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the daily review, mon., may 14

Scott Fotheringham, author of "The Rest is Silence"

"Son, the whole mess is buggered up and perfect just the way it is. We're all buggered and perfect. You included."

The "whole mess" being referred to above is the planet itself and everyone on it. And in Scott Fotheringham's debut novel, this is certainly true, once we realize that someone has released a biological weapon of sorts into the world, and all plastics are being devoured by a genetically modified strain of bacteria.

As the implications of what that means to humans settle in, we realize that this is a novel about an impending apocalypse. But it's a quiet, Canadian-style apocalypse. If such a thing could be said to specifically exist, this is dystopian CanLit at its finest, intimate yet epic; it's a tough combination to pull off, but Fotheringham does it incredibly well.

The novel features a small number of very well-drawn characters with whom the reader immediately identifies, pulling us into the narrative, which switches from Nova Scotia to New York in both flashback and present-day scenes.

The protagonist has moved from New York to North Mountain, N.S., and is living off the land, completely off the grid. He plants his own food, digs a well on his small patch of property on the mountainside, eventually falls in love with a local woman who helps him build a cabin, and befriends an old man who turns out to be a relative. Most of the New York scenes are about a molecular-biologist lab worker who is hell-bent on ridding the world of the plastic that chokes our everyday lives.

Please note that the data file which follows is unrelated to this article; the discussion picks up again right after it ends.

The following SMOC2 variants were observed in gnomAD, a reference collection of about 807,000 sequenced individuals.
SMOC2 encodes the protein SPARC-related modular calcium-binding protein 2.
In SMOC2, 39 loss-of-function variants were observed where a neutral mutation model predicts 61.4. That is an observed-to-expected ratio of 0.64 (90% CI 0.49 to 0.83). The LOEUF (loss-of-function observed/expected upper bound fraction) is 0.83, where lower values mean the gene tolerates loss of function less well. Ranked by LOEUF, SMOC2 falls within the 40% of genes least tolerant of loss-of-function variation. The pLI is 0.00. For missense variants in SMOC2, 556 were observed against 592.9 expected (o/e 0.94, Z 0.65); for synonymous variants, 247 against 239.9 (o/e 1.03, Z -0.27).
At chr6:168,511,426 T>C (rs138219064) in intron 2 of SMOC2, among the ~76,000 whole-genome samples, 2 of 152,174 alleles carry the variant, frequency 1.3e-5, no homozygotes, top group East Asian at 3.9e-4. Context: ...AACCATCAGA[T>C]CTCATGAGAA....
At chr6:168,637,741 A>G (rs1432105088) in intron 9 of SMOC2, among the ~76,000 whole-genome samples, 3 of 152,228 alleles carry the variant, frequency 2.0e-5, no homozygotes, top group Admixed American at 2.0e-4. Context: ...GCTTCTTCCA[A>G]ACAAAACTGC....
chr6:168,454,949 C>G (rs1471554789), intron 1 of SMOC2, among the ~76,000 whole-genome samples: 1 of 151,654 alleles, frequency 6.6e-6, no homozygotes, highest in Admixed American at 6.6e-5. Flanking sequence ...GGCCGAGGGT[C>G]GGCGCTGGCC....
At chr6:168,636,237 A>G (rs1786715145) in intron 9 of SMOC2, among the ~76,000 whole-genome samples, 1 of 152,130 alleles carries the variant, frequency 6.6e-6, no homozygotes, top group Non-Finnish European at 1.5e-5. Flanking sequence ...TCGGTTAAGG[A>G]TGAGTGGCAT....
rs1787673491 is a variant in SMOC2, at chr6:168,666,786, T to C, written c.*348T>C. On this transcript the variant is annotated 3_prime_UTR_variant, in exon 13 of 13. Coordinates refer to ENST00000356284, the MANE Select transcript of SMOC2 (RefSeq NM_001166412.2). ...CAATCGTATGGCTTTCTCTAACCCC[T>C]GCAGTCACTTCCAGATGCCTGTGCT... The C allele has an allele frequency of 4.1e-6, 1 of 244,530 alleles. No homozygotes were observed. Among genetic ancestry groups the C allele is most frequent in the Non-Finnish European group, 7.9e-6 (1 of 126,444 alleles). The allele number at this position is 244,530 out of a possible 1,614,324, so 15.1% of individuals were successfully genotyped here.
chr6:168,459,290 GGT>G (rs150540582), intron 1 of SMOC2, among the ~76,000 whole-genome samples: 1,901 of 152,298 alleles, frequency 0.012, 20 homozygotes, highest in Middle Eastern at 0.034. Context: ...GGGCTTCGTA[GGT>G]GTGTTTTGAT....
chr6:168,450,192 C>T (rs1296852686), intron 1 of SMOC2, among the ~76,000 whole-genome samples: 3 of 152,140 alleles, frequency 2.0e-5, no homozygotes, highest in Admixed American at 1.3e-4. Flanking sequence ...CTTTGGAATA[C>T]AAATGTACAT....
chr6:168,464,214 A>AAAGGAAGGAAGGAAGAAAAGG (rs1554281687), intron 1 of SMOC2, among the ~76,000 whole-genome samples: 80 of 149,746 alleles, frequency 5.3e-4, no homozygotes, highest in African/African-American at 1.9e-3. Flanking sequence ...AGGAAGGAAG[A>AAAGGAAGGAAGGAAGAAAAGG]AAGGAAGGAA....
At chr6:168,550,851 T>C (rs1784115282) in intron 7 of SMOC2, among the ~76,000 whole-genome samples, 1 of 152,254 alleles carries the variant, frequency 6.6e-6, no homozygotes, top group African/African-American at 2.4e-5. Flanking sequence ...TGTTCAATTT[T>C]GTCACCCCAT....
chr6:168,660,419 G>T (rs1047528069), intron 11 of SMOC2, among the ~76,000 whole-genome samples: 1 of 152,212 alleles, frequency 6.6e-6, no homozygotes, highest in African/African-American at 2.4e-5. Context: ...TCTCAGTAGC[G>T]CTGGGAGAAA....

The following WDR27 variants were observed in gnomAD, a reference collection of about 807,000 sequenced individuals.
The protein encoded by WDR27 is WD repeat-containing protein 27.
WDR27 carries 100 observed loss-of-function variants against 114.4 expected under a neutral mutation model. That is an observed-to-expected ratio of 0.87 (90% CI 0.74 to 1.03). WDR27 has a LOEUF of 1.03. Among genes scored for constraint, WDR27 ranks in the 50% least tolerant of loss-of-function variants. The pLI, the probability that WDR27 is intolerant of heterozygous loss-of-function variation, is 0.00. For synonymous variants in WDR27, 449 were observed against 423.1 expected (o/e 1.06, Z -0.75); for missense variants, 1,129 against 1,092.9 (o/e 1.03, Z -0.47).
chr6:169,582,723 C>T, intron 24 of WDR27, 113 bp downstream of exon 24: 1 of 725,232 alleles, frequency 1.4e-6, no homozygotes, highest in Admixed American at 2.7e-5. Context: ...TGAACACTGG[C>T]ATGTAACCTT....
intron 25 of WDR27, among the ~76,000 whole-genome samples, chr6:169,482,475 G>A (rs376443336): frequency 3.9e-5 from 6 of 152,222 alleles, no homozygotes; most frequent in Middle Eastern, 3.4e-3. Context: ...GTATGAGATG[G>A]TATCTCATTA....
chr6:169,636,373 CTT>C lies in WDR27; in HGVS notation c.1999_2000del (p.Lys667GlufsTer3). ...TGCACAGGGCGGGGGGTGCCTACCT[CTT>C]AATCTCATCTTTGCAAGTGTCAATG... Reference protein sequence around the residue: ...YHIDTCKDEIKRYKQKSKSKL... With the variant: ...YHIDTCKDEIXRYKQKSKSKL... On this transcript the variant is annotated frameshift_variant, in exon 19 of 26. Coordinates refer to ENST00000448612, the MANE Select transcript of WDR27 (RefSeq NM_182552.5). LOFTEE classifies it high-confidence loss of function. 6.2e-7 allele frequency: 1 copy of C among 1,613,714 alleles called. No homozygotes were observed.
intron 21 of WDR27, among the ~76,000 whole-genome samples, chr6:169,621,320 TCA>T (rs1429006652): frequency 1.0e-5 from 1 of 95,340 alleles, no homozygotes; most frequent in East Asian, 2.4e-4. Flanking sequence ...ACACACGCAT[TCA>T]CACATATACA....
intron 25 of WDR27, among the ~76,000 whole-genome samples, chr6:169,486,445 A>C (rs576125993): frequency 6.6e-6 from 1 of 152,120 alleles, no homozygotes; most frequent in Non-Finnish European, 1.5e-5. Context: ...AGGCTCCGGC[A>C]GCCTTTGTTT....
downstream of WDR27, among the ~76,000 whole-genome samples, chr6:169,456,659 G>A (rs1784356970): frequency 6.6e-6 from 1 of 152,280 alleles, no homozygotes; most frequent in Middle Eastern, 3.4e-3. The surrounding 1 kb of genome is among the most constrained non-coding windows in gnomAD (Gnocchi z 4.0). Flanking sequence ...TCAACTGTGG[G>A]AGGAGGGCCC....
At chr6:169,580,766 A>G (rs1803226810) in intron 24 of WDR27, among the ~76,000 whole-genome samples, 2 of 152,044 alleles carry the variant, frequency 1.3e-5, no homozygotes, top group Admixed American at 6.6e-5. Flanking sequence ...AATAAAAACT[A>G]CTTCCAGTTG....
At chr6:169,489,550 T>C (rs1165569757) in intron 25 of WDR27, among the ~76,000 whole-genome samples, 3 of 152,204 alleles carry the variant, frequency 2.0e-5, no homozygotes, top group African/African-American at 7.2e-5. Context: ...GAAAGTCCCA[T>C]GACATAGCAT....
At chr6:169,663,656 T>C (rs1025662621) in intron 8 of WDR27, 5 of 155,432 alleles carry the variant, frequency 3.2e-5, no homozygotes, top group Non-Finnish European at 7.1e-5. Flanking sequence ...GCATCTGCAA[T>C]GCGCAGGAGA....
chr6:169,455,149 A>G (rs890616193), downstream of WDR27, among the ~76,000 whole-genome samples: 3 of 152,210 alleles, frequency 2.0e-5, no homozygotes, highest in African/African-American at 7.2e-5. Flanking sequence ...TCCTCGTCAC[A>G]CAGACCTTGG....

Fotheringham reveals the characters' motivations, needs and desires incrementally, which steadily builds the tension. As we learn more about each character, and as each flashback scene brings the reader closer to what's actually happening, we're drawn in deeper and the pages turn faster and faster.

I have a minor quibble: At times, the in-depth descriptions of living off the land – the vegetable-planting, cabin-building, well-digging etc. – made me want to skim ahead to get back to the plot and character development. However, similarly in-depth sections on biology and genetic engineering were endlessly fascinating. Fotheringham holds a PhD in molecular biology and genetics from Cornell University, and it shows. But these sections do not come across as info-dumps; they're written engagingly and seem very plausible, and are therefore much more frightening.

There were also some very unnerving scenes in which the protagonist imagines the ghost of his father tucking him into bed and speaking to him from the shadows. This kind of creepiness sneaks up on the reader and delivers quite a chill.

The ending of the novel, when the reader finally puts the pieces together and fully understands what's going on, is utterly shocking. This is CanLit in every respect, but it is also speculative literature, genre fiction that deals incredibly well with matters of the heart. At its core, it's about relationships, those of fathers, sons, daughters and friends, but mostly our relationship to the world around us. A finer melding of CanLit and genre fiction would be hard to find.

Subtle, heartbreaking, chilling, fascinating and confidently written, Fotheringham's debut novel is a success on every level.

Brett Alexander Savory is a writer, editor and publisher, the author of In and Down , and co-publisher of ChiZine Publications.